Well, I’ve promised you Steven Erikson, and I am delivering you Steven Erikson. House of Chains is probably the hardest book in the series to get into. Once you make it past the first three to four hundred pages then the reading gets much easier. However, the first two hundred plus pages of the book are a painful introduction to Karsa Orlong, one of the best characters in the series – and one of the best examples of character growth that I have ever seen. That being said, if you don’t hate Karsa in the beginning of this book, then there is something seriously wrong with you. When you have what amounts to a regular size novel all about a character you hate doing horrible things – well, it makes the book hard to get into. Honestly, I almost gave up on the series while reading House of Chains because I hated Karsa so much. Now, in Reaper’s Gale, Karsa has become one of my favorite characters. Like I said, he is an amazing example of character growth.
House of Chains is very difficult to get into. It is also one of the least memorable books of the series (in my opinion). In fact I think House of Chains is probably my least favorite book in the Malazan Book of the Fallen. However, it is a necessary book. House of Chains introduces Karsa Orlong, one of the most important characters in the series, and develops the character of Icarium, another of the most important characters. House of Chains also ties up many of the plot threads opened in Deadhouse Gates and/or opens new ones to replace them. All in all, if you are going to read the Malazan Book of the Fallen you have to read House of Chains, and there is a lot to value in this book. However, it is not the most enjoyable book in the series.
Erikson’s writing is very wordy again. However, while I could tell that it was wordy, it didn’t feel as wordy as it actually was…if that makes any sense. The writing throughout the book is generally strong, and it is difficult to read because of the content, not because of the writing.
Alright, let me warn you now. You will HATE Karsa Orlong in this book. If you don’t hate him, then you are a very twisted person – and it’s me telling you this, so that should add a little emphasis to it, because I’m pretty twisted already. However, by the end of this book if you don’t like Karsa, you will at least respect him. Karsa Orlong is one of the best examples of growth in a character to be found in the fiction market. The changes that his character goes through are not only completely real/believable, but also extreme. Add to this the fact that some of the best characters (i.e. Fiddler, Iskaral Pust, and Heboric among others) return in this novel, and you have a win in the character department. While I love Erikson’s characters in general, this novel definitely stands out.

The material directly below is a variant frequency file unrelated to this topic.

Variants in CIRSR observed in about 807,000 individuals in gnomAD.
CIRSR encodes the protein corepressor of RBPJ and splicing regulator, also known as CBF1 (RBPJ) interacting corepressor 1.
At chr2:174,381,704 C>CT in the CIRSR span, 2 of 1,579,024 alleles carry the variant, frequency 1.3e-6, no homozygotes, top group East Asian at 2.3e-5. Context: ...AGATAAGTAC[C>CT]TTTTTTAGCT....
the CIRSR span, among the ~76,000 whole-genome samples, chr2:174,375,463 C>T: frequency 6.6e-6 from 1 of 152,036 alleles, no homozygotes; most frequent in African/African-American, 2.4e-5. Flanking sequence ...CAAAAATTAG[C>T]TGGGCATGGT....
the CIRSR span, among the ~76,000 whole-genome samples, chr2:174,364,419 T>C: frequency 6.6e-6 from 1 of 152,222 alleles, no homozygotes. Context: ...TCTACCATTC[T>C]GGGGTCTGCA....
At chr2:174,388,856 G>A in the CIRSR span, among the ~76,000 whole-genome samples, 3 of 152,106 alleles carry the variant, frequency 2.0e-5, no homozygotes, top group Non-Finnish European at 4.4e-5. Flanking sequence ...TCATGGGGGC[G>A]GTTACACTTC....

You will see a little bit of Genabackis in House of Chains, but like Deadhouse Gates this novel takes place primarily in the Seven Cities. Seven Cities is one of my favorite locations in the world of Malaz, but most of House of Chains takes place in the desert, or in Raraku. Because of this, you don’t actually see that much more of the Seven Cities than you do in Deadhouse Gates. However, you will get a much better picture of what it is like to be a part of the Malazan military.
What can I say? House of Chains is pretty much about marching to a war that never happens, and Karsa Orlong turning from an evil S.O.B. badass into an awesome badass. This novel is necessary to understand the rest of the series, but it is generally about wrapping up old plots and opening new ones. House of Chains is a transitional novel that would not stand well on its own.
Like Memories of Ice, House of Chains moves back and forth between intense action, and very little action. When combined with the difficulty of reading Karsa Orlong’ s beginnings, this makes it a novel that is easy to put down. That being said, it’s worth it to keep going.
House of Chains opens a lot of questions, but it doesn’t answer many. Again, this novel is primarily about character development, and moving the overall plot of the series forward. However, there is some commentary in it.
While Memories of Ice was the most difficult book in the series to read, House of Chains is the hardest book in the series to not put down. It probably doesn’t feel like there should be a difference between these two, but there is. Memories of Ice is a challenging book that makes you consider your preconceptions. House of Chains is a painful book, necessarily so, that exposes you to a lot of evil, and then allows you to watch as that evil turns into something good. While it is very easy to put this book down early on, it gets easier to read as you go – and it is worth it in the end.